Bankruptcy Law, Debt Relief, Student Loans

Public Service Student Loan Forgiveness Program- Here’s how you qualify

The government’s Public Service Loan Forgiveness Program promises to cancel any remaining student debt for those who work government jobs or for non-profit organizations and have been making continuous payments for 10 years. The first borrowers to receive forgiveness will be eligible in October of this year, which is 10 years from the launch of the program.

Many teachers, public defenders, Peace Corps workers, and law enforcement officers may qualify for forgiveness. More than 400,000 people have applied for the program so far, but signing up for the program can be a confusing, (and not surprisingly) complicated process.

Here are 5 steps you can take to help ensure your eligibility:

  • Find out if your job qualifies. There are three different types of jobs eligible.
  1. Government jobs, which include federal, state, local and tribal government entities, as well as the military, Peace Corps and AmeriCorps positions.
  2. People who work for a 501(c)(3) non-profit.
  3. People who work for a non-profit that does not have 501(c)(3) status, but provides a public service.
  • Turn in the Employment Certification form annually. Ask your loan servicing company to certify that your employer qualifies on an annual basis and keep detailed records. Otherwise, you risk finding out that your job does not qualify after making years of payments.
  • Verify you have the right kind of loan. Only Direct Loans qualify for this forgiveness program.
  • Enroll in an income-driven repayment plan, each year. You must be enrolled in an income-driven repayment plan for at least a portion of your repayments.  These plans cap your monthly bill at a certain portion of your income.
  • Make 120 qualifying monthly payments. FedLoan Servicing will tell you how much you need to pay each month for the payment to count toward the 120 needed to receive debt forgiveness. If you pay any less, it will not count. And if you pay more, it will only count as one payment. Payments must be made no later than 15 days after the due date. Any payments you make while in school, during the six-month grace period after school, or while in deferment or forbearance do not count toward the 120.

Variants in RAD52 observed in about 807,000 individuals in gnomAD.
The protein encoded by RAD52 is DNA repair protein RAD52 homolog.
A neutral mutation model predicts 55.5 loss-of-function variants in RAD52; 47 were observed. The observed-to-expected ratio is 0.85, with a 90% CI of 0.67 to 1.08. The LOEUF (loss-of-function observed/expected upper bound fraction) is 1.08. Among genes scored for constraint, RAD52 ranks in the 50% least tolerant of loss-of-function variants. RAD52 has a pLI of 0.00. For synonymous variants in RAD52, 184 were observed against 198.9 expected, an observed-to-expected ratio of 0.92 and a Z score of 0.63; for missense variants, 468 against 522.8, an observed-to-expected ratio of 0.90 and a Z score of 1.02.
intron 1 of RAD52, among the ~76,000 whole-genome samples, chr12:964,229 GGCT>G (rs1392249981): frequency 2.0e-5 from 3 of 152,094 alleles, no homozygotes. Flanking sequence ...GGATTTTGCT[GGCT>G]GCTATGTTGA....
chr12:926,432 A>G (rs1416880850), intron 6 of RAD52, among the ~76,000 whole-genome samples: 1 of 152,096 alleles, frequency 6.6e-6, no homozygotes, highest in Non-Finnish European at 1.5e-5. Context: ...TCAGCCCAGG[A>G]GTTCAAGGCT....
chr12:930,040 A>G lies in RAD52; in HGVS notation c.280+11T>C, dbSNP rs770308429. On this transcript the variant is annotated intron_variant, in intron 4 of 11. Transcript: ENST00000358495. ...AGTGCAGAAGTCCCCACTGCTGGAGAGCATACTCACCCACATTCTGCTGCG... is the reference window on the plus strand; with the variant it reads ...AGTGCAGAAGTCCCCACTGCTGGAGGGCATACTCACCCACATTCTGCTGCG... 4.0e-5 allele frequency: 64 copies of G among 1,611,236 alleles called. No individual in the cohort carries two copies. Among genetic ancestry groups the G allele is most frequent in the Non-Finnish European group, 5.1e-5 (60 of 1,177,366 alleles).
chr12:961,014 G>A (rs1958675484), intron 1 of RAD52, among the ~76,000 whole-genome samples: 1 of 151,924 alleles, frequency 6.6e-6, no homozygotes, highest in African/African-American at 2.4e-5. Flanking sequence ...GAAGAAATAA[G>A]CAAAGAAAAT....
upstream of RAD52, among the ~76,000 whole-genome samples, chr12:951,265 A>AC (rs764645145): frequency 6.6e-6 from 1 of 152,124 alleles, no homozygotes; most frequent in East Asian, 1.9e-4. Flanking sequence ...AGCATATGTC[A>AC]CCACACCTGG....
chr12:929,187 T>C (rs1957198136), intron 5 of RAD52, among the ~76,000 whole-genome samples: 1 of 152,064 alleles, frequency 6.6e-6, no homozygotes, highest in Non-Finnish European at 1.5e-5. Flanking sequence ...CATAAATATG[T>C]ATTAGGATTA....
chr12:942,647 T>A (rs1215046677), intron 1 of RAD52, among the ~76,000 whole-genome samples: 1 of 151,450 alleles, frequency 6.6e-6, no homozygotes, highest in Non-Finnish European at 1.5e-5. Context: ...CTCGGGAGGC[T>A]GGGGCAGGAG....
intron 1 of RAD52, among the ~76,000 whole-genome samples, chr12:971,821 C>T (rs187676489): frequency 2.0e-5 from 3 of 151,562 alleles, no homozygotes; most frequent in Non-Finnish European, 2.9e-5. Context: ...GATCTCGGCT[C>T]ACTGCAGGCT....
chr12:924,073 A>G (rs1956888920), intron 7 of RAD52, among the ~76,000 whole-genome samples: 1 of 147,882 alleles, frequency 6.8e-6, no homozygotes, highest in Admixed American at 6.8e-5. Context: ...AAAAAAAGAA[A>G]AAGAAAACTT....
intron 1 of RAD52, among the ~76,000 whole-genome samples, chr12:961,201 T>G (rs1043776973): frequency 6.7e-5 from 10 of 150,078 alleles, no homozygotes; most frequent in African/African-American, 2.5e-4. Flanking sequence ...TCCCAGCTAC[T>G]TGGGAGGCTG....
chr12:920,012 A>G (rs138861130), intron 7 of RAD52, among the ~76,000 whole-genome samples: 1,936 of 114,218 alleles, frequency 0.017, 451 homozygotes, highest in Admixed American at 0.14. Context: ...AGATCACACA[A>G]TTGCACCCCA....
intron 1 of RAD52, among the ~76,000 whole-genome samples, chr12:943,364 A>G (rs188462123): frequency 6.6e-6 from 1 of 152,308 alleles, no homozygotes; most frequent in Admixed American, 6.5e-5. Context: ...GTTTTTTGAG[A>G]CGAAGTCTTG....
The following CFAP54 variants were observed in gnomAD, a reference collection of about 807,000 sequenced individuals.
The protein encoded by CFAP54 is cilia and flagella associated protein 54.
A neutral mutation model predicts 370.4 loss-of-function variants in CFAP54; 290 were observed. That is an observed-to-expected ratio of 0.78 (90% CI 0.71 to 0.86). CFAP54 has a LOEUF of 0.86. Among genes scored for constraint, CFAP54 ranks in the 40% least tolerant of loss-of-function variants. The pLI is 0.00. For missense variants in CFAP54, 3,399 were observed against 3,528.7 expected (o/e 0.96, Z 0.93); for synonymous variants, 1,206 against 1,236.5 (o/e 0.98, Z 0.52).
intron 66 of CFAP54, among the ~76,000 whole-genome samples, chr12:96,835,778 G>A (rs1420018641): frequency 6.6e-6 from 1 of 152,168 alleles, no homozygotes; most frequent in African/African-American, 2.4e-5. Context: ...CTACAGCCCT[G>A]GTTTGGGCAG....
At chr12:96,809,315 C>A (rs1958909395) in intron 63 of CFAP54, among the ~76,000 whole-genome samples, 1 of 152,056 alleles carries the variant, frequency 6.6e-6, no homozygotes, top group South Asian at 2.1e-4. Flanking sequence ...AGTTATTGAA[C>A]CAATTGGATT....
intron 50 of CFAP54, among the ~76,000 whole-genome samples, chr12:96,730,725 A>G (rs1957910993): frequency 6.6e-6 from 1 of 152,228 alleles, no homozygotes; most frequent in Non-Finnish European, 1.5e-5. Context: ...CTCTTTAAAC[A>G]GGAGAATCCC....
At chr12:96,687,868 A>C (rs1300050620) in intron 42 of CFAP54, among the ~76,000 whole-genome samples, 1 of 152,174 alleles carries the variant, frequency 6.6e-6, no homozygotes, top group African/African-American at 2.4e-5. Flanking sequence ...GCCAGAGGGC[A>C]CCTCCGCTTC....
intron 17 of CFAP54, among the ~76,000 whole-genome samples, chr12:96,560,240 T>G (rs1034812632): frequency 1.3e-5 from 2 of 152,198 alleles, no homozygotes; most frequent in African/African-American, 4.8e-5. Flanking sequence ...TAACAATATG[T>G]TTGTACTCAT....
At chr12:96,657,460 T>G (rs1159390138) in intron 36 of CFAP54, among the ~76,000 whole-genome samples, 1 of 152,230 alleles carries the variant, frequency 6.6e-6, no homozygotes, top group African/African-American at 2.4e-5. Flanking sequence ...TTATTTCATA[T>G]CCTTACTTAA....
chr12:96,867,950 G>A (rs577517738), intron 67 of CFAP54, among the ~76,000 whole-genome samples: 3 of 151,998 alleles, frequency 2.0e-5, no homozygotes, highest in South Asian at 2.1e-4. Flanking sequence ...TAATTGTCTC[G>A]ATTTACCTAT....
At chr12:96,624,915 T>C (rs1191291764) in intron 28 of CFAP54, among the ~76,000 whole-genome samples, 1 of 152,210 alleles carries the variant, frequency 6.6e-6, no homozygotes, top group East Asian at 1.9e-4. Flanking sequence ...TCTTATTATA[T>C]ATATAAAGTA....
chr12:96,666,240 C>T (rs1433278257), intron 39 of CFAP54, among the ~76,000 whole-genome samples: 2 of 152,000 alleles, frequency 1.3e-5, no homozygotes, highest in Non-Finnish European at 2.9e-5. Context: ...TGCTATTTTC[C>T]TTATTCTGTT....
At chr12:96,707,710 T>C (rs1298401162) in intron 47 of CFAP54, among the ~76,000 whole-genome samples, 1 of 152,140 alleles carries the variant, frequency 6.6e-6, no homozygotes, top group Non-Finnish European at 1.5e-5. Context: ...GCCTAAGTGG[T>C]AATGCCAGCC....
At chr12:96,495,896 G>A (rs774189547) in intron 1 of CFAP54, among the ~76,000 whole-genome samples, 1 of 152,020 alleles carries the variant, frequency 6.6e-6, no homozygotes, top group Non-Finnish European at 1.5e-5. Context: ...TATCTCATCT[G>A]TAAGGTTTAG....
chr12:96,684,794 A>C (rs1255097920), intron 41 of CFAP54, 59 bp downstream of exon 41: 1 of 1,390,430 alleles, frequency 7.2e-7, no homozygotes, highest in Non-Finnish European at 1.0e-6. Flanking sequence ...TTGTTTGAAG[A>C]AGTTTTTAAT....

Click here to read more on this story.

For borrowers who are struggling with student loan debt, relief options are available. Many student loan borrowers are unaware that they have rights and repayment options available to them, such as postponement of loan payments, reduction of payments or even a complete discharge of the debt. It is important you contact an experienced Miami bankruptcy attorney who can advise you of all your options. As an experienced CPA as well as a proven bankruptcy lawyer, Timothy Kingcade knows how to help clients take full advantage of the bankruptcy laws to protect their assets and get successful results. Since 1996 Kingcade & Garcia, P.A. has been helping people from all walks of life build a better tomorrow. Our attorneys help thousands of people every year take advantage of their rights under bankruptcy protection to restart, rebuild and recover. The day you hire our firm, we will contact your creditors to stop the harassment. You can also find useful consumer information on the Kingcade & Garcia website at